He branded the move a “serious miscalculation” and “misjudgment”, arguing it would make winning a future general election harder for the Conservatives as it left the party “more exposed to further defeats and humiliation”.
Former Conservative leader William Hague has viciously slammed Prime Minister Boris Johnson over his decision to expel 21 rebel MPs from the party, calling the move “the most egregious and counter-productive act of self-harm committed by the party leadership” in his lifetime.
“Their expulsion from the parliamentary ranks of the Conservative Party, partly at the behest of people who have spent years rebelling, is a disgusting act of hypocrisy,” Hague wrote in a column in the Telegraph 9th September.
Hague nonetheless warned disgruntled MPs against inflicting further damage on the Conservatives, stating Britain needed “a strong and united party of the center-right” rather a “battleground of extremism” and urging Johnson to use the Conservative conference at the end of September to restore order and make the party “inclusive and welcoming” anew.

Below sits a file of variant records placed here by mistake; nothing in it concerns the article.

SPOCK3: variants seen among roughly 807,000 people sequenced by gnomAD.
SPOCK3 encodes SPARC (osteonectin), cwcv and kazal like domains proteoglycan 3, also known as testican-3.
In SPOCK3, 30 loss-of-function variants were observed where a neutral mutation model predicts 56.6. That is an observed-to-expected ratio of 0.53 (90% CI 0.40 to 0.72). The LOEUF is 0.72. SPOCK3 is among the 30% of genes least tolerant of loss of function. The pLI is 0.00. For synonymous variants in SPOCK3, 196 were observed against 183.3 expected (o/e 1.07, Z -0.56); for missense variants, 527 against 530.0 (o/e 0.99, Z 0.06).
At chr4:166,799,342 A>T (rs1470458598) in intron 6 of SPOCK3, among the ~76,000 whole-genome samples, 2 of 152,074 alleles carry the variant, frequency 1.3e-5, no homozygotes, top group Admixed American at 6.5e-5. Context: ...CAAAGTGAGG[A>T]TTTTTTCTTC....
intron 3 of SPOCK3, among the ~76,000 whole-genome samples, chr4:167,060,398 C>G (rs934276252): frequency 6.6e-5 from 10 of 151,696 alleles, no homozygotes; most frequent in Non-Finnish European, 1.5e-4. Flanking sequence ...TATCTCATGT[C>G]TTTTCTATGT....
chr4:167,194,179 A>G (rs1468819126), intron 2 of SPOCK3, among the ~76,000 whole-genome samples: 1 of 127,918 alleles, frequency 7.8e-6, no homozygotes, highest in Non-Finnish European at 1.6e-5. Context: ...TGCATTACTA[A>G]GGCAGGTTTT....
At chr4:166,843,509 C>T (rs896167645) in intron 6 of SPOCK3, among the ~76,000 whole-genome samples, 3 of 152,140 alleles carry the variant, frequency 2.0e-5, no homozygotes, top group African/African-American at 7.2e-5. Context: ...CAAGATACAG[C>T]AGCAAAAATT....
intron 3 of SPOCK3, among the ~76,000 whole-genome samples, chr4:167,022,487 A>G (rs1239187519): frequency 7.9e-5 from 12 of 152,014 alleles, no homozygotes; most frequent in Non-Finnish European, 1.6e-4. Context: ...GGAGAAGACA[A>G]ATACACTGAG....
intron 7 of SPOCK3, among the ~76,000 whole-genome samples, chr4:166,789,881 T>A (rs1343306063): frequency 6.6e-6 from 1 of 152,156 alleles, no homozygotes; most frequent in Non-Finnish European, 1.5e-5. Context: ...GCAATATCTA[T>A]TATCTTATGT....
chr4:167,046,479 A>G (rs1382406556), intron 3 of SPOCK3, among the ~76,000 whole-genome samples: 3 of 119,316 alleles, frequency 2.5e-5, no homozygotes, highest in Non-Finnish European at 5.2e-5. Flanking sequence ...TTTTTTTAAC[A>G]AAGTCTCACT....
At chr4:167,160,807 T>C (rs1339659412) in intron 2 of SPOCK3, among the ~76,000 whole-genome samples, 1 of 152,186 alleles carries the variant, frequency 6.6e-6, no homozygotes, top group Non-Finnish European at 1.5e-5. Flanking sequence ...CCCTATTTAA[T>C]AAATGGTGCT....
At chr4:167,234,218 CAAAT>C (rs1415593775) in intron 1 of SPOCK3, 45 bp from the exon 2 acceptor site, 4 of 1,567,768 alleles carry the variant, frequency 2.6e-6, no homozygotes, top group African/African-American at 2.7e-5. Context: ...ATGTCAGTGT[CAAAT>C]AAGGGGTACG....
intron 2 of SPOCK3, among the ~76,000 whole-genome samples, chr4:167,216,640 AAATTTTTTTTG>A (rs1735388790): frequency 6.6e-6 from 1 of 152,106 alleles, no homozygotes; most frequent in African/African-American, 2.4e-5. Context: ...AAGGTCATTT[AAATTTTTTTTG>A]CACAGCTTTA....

Johnson expelled the MPs from after they voted against the government and in favor of legislation to block a no-deal Brexit on 31st October.
Irrespective of their positions on Brexit, Conservative MPs may find Hague’s intervention ironic given his own tenure as party leader was relentlessly dogged by allegations of misjudgment, failure and…